England's Rural creative industries: geography and business structure

Creative industries are growing massively with more and more people pursuing the arts, however despite the increasing prominence of creative industries, there is some disparity in both size and success between individual companies due to their location.

Whilst there are large clusters of creative industries dotted around the globe, often in urban areas, there is much space between these hubs, that has yet to be explored. There is a gap in our understanding of the distribution and activities of England’s rural creative industries and how they operate. On average it has been found that rural creative industries businesses are smaller, less productive and less likely to up-scale in comparison to companies in urban areas.

Recent research has pointed to the economic creation of creative ‘microclusters’: smaller groups of businesses within the creative industry located outside of large urban hubs. Could these microcluster companies have untapped growth potential? Following the previous Creative Radar report, Dr Jorge Velez‐Ospina is leading a new National Innovation Centre For Rural Enterprise (NICRE) project, investigating ‘England's Rural creative industries: geography and business structure’, with researchers Dr Josh Siepel, Dr Frances Rowe (Newcastle University), Dr Inge Hill (Royal Agricultural University) and Eliza Easton (Head of Policy Unit for PEC at Nesta). During this project, they will be exploring the development of creative ‘microclusters’, building on previous work in understanding creative and cultural industries. The project aims to achieve this by addressing three questions:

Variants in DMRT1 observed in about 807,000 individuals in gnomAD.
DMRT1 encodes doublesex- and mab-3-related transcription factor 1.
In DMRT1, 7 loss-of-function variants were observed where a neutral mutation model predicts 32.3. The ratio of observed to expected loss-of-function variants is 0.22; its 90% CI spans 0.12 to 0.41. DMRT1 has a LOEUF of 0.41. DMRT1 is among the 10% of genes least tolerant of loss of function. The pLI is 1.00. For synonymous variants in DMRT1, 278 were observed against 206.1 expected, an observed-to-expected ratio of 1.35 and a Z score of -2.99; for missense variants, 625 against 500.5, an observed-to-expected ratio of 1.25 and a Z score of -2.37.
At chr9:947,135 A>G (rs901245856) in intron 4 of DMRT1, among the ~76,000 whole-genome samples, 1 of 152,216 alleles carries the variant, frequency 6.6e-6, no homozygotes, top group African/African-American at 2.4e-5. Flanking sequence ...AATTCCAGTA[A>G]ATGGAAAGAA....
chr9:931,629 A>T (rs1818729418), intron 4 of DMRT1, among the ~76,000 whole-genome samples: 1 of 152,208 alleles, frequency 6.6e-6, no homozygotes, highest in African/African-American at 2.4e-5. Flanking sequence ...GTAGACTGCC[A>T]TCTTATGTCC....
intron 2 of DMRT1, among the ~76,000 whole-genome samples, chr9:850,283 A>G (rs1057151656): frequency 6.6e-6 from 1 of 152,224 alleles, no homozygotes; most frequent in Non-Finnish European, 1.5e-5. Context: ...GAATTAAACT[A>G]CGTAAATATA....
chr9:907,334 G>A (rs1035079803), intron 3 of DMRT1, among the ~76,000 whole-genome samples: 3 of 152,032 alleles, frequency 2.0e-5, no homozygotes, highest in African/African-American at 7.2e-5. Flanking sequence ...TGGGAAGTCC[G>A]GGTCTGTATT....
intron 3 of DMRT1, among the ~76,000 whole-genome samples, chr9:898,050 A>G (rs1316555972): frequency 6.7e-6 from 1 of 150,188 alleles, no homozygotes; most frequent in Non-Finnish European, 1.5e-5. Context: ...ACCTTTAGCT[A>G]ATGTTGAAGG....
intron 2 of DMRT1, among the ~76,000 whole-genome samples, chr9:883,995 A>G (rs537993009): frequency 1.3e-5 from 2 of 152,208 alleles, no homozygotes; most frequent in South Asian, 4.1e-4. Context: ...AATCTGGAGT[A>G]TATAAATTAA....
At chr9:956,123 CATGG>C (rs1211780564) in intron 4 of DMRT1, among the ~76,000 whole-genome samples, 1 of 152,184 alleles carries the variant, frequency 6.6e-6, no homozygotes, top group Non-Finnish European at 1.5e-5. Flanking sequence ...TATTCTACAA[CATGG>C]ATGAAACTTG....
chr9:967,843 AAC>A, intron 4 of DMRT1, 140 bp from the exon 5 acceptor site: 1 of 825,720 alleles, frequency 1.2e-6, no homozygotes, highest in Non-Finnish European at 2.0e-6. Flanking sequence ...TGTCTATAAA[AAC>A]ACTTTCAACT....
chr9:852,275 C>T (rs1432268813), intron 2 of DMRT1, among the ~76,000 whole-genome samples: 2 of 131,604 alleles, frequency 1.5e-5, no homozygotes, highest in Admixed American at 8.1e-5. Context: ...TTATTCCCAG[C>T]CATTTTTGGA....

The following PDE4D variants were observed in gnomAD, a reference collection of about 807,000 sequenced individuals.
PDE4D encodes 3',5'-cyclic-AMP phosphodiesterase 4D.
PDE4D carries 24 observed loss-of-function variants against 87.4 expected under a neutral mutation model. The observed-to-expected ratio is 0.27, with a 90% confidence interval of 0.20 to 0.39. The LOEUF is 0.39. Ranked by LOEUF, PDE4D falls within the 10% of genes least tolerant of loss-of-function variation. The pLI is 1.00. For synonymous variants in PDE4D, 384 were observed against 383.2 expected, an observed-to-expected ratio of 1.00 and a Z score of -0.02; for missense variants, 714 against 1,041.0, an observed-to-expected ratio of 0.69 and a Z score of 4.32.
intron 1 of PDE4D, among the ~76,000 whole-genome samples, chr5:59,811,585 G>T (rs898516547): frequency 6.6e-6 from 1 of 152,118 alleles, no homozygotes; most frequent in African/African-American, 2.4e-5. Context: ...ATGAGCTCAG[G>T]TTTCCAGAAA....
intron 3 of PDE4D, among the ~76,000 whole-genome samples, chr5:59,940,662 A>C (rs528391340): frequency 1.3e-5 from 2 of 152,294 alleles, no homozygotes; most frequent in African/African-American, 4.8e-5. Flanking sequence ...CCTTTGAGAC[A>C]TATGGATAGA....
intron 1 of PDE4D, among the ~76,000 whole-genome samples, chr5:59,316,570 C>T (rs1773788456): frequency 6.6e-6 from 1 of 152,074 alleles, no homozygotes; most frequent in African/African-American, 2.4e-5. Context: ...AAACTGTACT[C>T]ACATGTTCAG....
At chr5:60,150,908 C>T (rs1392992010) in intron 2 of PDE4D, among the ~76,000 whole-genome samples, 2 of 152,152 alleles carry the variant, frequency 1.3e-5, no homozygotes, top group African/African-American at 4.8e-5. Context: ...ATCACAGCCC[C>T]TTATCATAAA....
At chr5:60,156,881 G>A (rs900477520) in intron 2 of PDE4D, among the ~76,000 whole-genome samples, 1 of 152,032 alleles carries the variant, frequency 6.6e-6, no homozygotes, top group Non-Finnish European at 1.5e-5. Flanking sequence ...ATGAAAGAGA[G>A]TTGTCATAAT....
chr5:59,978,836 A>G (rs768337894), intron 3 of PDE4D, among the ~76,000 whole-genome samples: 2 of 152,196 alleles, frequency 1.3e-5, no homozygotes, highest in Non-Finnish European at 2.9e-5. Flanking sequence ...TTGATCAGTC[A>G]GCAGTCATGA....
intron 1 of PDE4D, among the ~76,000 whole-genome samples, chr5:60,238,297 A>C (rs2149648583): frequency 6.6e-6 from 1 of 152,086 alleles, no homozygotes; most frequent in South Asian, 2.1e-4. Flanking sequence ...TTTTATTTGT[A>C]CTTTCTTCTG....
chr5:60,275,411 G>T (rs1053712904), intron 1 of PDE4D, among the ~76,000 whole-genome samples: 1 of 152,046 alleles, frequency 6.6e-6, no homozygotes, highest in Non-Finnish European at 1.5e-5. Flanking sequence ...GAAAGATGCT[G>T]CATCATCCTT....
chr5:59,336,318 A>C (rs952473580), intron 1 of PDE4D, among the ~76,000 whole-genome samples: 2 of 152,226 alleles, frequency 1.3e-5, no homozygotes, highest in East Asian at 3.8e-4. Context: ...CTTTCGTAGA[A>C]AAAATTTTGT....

1. What are the characteristics of rural creative microclusters?
  2. What determines rural microclustering, and to what extent do the drivers differ from urban settings?
  3. How do rural creative clusters and creative industries differ from urban creative industries?

Research approach

The team will use data from the Creative Radar project, including scraped web data, a firm survey of creative businesses carried out in early 2020 (in which approximately 20% were rural businesses), and an AHRC‐ funded follow‐up survey.

Using this data, to answer the first question, the microclusters will be mapped out at the sub-sector level to identify differences in structure. Secondly, using econometric methods, the researchers will identify which forces are important in the assemblage of the geographical formation of these microclusters, such as socio-economic factors and access to venues, to try to identify any place-based effects. This will also be compared to clustering in urban areas. For the third question, econometric analysis will be used to analyse survey data and identify differences between urban and rural creative industries, looking at firm-level factors such as business models.

Impact and outreach This research looks to expand on the information already obtained through the previous Creative Radar programme by the Policy and Evidence Centre, led by Nesta, to gain further insights into

creative industries and clustering. This project will produce valuable insights into rural creative industries more broadly as well as the formation of microclusters. By understanding what causes them to form, how they differ from larger clusters and what challenges they face, solutions may be considered to help these smaller creative businesses to develop and increase the overall success of the companies.

The research aims to provide meaningful insights which can be presented to policy makers and used to support rural creative business around the world. In doing this, this project aims to contribute to the wider goal of increased development and accessibility within the creative industry, with more opportunities and successes to those in different geographical locations.

Project partners

  • Newcastle University
  • Royal Agricultural University
  • Nesta Creative Industries Policy and Evidence Centre (PEC)